“Replacement” of a keyboard in a form of an RFID module connected to a USB port works very simply – UID of every tag, which will appear in its range will send to a computer – the same way as if we typed it in by a keyboard. SL040A also enables to choose, whether we want the reader to send only data, or also a „CR“ character after every UID (as if an Enter key was hit). It means, that if we already have a software to type in open (for example Excel), the reader itself will fill the cell with data and move the cursor to another cell. SL040A is even able to read data (not only UID) from Mifare tags.

SL040A is also interesting by one feature – on a request from our company SOS electronic, the producer started to produce also the black version SL040A black. Thanks to the above-standard close relationship with the producers, we´re able to supply you even various special customized versions.
Detailed information will provide you the SL040A user manual.

SL040A will load it to you directly into a table sheet - [Link]

11 Oct 2014

by TheSignalPathBlog @ youtube.com:

In this episode Shahriar takes a close look at an HP/Agilent 5347A 20GHz Frequency Counter and Power Meter. This defective unit does not provide any frequency information from Input 2 which is rated to operate up to 20GHz. Before the teardown and repair attempts, the principle operation of the instrument is reviewed.

The properties of a Step Recovery Diode (SRD) is presented along with the theory and practical aspects of generating a frequency comb. The heterodyne architecture of the frequency counter is explained in detail with the mechanism of detection and calculation of the input frequency.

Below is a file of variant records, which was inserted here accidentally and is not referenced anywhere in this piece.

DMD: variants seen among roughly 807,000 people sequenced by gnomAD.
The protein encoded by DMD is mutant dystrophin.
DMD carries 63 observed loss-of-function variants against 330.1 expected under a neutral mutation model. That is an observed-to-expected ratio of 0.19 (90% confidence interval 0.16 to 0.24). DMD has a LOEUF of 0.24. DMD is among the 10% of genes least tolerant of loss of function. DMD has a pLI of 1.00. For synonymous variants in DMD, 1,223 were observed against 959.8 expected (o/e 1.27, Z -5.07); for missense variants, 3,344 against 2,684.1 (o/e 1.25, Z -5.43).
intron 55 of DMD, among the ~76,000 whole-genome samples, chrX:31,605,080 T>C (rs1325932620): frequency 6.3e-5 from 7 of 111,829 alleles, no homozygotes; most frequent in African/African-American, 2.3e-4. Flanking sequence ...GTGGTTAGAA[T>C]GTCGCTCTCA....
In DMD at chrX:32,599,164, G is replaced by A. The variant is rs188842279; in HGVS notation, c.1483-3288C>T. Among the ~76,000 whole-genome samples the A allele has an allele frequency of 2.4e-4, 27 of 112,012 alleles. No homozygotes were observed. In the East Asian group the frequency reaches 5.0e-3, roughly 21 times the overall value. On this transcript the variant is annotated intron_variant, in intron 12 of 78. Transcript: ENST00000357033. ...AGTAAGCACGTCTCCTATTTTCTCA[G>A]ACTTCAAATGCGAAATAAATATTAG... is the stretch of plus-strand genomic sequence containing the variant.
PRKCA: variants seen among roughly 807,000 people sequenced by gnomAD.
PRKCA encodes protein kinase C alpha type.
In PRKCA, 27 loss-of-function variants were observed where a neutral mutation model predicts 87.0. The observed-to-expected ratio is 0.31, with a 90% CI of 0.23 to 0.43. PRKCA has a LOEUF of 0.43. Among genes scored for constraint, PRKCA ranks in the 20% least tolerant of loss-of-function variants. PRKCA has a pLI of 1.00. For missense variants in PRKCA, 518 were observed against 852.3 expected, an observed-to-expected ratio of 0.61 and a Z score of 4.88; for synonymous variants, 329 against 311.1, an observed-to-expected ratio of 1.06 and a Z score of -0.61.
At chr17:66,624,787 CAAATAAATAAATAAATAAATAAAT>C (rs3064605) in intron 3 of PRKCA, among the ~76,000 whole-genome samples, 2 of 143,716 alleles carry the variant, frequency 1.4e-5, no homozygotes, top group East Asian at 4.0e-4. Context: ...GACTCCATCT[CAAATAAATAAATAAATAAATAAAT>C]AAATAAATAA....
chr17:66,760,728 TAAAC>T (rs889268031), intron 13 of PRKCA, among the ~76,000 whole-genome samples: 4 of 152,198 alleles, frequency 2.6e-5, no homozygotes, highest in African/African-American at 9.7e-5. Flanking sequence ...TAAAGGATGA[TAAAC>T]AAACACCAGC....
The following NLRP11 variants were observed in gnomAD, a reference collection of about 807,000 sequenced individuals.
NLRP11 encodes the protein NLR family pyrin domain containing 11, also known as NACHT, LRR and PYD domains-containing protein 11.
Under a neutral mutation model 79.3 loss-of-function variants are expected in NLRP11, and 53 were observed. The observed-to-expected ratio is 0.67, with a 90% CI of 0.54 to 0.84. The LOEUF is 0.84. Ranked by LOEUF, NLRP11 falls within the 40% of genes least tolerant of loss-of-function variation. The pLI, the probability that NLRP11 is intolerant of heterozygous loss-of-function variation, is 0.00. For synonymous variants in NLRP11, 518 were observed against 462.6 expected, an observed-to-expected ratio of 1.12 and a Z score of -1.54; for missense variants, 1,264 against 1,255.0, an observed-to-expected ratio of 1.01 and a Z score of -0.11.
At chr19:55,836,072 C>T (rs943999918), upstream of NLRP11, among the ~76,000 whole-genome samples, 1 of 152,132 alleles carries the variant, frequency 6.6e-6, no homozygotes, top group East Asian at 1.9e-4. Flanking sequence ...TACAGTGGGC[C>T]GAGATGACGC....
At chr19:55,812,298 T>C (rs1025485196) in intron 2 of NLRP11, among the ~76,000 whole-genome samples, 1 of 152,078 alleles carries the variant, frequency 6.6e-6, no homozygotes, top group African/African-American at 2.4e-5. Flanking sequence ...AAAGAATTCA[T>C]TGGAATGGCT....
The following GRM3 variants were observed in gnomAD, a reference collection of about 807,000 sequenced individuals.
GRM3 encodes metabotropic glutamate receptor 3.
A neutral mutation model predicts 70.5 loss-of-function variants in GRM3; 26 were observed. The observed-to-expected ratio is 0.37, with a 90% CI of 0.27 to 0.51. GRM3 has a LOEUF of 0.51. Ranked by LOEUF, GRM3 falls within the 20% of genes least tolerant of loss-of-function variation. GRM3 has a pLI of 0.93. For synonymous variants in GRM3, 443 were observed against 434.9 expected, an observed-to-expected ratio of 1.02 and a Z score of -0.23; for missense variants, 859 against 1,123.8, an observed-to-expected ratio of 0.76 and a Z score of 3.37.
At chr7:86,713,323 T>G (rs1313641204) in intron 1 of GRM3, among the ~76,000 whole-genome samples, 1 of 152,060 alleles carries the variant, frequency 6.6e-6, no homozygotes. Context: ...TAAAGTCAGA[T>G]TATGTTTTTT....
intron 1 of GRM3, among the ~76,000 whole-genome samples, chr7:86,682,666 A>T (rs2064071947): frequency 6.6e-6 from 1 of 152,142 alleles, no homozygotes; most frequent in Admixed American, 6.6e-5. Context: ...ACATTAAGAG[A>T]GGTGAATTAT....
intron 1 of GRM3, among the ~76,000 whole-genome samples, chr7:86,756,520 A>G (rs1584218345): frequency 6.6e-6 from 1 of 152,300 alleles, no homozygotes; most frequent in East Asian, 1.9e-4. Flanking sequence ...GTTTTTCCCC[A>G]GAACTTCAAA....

During the teardown of the unit the synthesizer board, motherboard, power meter reference board and the main RF assembly are shown. The schematic of the synthesizer board and the RF board are also described. The defective component is identified and examined under the microscope. The slides for this episode can be found at The Signal Path website.

Teardown, Analysis and Repair of an HP/Agilent 5347A 20GHz Frequency Counter & Power Meter - [Link]

6 Oct 2014


RaspWristRadio – Wearable Personal FM Radio Station - [Link]

23 Sep 2014


Shawn McCombs blogged about his DIY Arduino RFID card door lock system 100 cards build. [via]

DIY RFID card lock system - [Link]

23 Sep 2014

example__86477.1409204603.1280.1280by shop.ciseco.co.uk:

The Wireless Inventors Kit for the Raspberry Pi (RasWIK) is an exciting and affordable addition to the Raspberry Pi. RasWIK demonstrates that with our leading edge technology anyone (and we mean anyone) can build wireless sensors and actuators , you do not need huge experience, a degree or even any tools. We show you even how to connect the devices you build to “the Internet of Things” (IoT) service providers such as Xively.

Getting started is just 5 simple steps:
1. Insert the preconfigured SD card to your Pi
2. Plug in the Slice of Radio to the GPIO connector
3. Turn on the Pi
4. Power the XinoRF development board
5. Lauch the Python based example application on your Pi
Thats it!……..you are now past step one of your journey to wireless nirvana :)

RasWIK – Raspberry Pi Wireless Inventors Kit - [Link]

22 Sep 2014


by elektor.com:

A press release from the University of Southern California describes a novel transmission technique which can achieve very high data rates. The research led by Alan Willner of the USC Viterbi School of Engineering does not use a single carrier to send information but instead combines independent radio beams using a ‘spiral phase plate’ that twists each radio beam into a unique and orthogonal DNA-like helical shape. The receiver untwists the beams and recovers the different data streams. “Not only is this a way to transmit multiple spatially collocated radio data streams through a single aperture, it is also one of the fastest data transmission via radio waves that has been demonstrated,” Willner said.

Twisted RF beams achieve 32 GB/s - [Link]